High Temperature Reactors (HTRs) employ so-called TRISO fuel particles embedded in graphite. The particles consist of a small fuel kernel made of uranium-dioxide with a typical diameter of 500 microns, surrounded with a buffer layer that can accommodate the gaseous fission products escaping from the fuel kernel, and three containment layers. The latter consist of an inner PyC layer, a SiC layer and an outer PyC layer. The SiC layer usually is under compression to assure the gas-tightness of the containment around the fuel kernel. The TRISO fuel particles can be embedded in a graphite sphere with a typical diameter of 5 cm surrounded with a 0.5 cm thick layer of graphite, or in small cylindrical pins with typical diameter of 1 cm, which are inserted in a graphite block. The first is called pebble-type fuel, while the second is called prismatic fuels.

HTRs differs from Light Water Reactors (LWRs) in various aspects. Because the TRISO particles are dispersed in graphite pebbles or compacts, the HTR fuel has a double heterogeneous geometry, which requires special treatment in reactor physics analyses. Because graphite can withstand very high temperatures and helium is used as a coolant, the HTR operate at a much higher temperature than the LWR. Because the TRISO fuel particles can withstand high pressure, the fuel burnup in a HTR can be higher than in LWRs. Of course this requires a higher initial enrichment. The actual core power density in an HTR is much lower than in an LWR, because of the dispersion of fuel in graphite. Due to the inherent safety requirement of modern HTRs, the power density in HTR is restricted even more.

Fission neutrons are produced with energy of 2 MeV on average and need therefore to be moderated to thermal energies where the movement of neutrons is in equilibrium with the vibration energy of the graphite moderator. In that energy range the fission cross section of the fissile nuclides is highest. In HTR, carbon is used as a moderator, which has some specific consequences for the reactor design, as will be shown later on.

If you add carbon to uranium-235, first the critical mass will increase. This is because the neutron reproduction factor of uranium-235, this is the number of fission neutrons produced upon absorption of a thermal neutron, decreases when the spectrum softens slightly. Only when more carbon is added, the critical mass decreases due to the beneficial effects of moderation. At some point, when all thermal neutrons are in thermal equilibrium with the graphite, adding more graphite will only increase the absorption of thermal neutrons, and the critical mass increases again. In that region the reactor is over-moderated.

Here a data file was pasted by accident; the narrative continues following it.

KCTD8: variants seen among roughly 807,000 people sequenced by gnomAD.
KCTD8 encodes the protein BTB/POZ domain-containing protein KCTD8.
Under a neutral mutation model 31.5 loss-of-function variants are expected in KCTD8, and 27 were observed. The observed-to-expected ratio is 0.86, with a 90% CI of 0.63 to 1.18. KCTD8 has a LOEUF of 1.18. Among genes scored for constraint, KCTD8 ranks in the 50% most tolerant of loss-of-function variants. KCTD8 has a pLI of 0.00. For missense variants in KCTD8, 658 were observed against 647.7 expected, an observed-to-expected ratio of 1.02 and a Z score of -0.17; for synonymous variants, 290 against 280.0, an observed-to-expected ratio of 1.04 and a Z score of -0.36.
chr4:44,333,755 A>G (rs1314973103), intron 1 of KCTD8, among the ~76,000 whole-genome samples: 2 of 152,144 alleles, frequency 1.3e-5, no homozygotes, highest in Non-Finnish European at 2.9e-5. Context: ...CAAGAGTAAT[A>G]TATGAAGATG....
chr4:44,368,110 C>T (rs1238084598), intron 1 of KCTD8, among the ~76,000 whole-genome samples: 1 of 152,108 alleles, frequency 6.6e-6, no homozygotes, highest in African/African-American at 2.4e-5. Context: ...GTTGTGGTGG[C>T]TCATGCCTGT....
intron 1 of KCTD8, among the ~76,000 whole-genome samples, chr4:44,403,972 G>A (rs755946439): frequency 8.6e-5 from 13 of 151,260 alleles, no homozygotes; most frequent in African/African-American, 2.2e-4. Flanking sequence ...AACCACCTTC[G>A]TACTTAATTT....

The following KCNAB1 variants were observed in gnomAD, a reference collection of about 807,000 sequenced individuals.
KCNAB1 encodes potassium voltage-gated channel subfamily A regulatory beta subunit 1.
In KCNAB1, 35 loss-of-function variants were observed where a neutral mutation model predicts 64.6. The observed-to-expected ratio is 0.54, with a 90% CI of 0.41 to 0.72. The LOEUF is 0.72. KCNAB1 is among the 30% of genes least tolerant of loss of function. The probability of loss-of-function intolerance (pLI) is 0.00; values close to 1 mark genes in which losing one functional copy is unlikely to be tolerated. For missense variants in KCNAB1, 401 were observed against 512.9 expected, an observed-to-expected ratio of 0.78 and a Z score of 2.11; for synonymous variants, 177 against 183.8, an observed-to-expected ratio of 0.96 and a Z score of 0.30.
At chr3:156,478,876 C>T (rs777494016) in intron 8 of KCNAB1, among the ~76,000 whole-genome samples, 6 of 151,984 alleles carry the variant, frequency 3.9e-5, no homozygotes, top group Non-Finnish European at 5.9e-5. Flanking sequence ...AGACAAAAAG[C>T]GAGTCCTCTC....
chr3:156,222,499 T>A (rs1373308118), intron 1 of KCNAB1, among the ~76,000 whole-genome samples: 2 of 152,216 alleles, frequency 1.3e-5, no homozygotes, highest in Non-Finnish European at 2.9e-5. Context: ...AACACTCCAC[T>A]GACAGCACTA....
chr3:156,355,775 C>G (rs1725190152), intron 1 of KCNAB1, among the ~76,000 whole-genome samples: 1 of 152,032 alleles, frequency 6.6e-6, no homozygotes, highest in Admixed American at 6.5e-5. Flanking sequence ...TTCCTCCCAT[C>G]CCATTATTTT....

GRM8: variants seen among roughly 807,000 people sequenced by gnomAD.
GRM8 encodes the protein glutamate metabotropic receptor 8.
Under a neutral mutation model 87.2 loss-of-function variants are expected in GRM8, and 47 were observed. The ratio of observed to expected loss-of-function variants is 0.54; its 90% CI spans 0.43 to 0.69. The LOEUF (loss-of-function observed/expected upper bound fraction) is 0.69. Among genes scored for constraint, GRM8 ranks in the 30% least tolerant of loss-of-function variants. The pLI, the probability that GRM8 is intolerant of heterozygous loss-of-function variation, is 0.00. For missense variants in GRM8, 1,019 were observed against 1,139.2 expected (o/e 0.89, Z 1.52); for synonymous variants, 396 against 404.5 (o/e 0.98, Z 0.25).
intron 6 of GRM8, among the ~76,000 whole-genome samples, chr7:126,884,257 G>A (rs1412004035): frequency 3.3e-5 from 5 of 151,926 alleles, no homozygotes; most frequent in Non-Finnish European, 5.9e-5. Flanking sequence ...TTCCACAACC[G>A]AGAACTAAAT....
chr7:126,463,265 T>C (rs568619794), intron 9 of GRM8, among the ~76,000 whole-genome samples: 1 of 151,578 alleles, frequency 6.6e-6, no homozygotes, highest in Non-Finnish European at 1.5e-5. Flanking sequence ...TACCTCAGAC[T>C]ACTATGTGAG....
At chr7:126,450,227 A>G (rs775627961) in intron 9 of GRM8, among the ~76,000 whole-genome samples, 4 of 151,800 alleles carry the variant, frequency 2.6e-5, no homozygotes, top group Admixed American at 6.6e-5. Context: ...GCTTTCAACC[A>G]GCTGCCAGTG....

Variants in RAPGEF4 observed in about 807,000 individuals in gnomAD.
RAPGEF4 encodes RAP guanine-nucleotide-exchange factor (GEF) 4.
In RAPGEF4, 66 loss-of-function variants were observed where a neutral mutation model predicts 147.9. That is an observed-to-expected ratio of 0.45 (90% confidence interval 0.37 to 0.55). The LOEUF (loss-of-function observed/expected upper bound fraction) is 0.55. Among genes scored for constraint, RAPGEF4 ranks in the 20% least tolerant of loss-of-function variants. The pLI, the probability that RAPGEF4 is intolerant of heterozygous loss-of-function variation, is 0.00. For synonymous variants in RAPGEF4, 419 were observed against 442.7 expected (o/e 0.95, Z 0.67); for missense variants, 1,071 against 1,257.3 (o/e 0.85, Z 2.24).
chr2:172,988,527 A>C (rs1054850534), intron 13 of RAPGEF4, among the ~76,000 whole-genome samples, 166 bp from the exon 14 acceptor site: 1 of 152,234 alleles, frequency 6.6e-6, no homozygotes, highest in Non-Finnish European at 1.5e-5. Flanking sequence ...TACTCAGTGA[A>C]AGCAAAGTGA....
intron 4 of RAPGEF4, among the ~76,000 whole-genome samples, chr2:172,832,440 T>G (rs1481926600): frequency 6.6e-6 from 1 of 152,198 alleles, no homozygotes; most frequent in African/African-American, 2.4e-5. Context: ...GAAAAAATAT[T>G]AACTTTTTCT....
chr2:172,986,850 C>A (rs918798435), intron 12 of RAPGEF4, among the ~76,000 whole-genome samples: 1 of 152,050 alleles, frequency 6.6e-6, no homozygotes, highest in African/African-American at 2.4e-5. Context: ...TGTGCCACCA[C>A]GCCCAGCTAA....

Moderation of neutrons is mainly achieved by elastic scattering of neutrons with the carbon nuclei. This process is very similar to billiard ball collisions. The lighter the moderator nuclide is, the larger the energy transfer can be. For two particles the same in mass, all energy of the colliding particle can be transferred to the other. This is the case for a neutron colliding with a proton (hydrogen). Under certain conditions, like isotropic scattering in the centre-of-mass frame, no absorption and a constant scatter cross section, the probability for a neutron to scatter to certain energy is uniform for a certain energy interval determined by the mass of the scattering nuclide.

After elastic collision with a light nuclide, the energy of the neutron is proportional to the incoming energy. In other words, the neutron loses on average a fixed fraction of its energy. For example, a neutron with energy of 1 Mev that loses 90% of its energy will collide at average energies of 100 keV, 10 keV, 1 keV, 100 eV, etc. This suggests that the collision process can better be described using the logarithm of energy. To do so, the unit of lethargy is introduced, which is the logarithm of the initial energy of the neutron divided by the exit energy. A colliding neutron thus loses energy but gains lethargy. With the lethargy as a parameter, the neutron loses a fixed amount of lethargy at each collision, not a fixed fraction. It can easily be derived that the average amount of lethargy a neutron loses in a collision is fixed. Now the average number of collisions needed for a neutron to reach certain lethargy, is just the total lethargy interval divided by the average lethargy gain per collision.

For a neutron of 1 MeV to reach the thermal energy region at 1 eV, the number of collisions with hydrogen is 14, while this is 88 for carbon. A neutron thus needs many more collision with graphite as a moderator than with water or another hydrogen containing material, like polythene or paraffin. Together with the much larger mean free path travelled between interactions, about 1 cm in water and 2.5 cm in graphite, it can be concluded that the total distance travelled by a neutron in a graphite water moderated reactor is many times larger than in a water moderated reactor.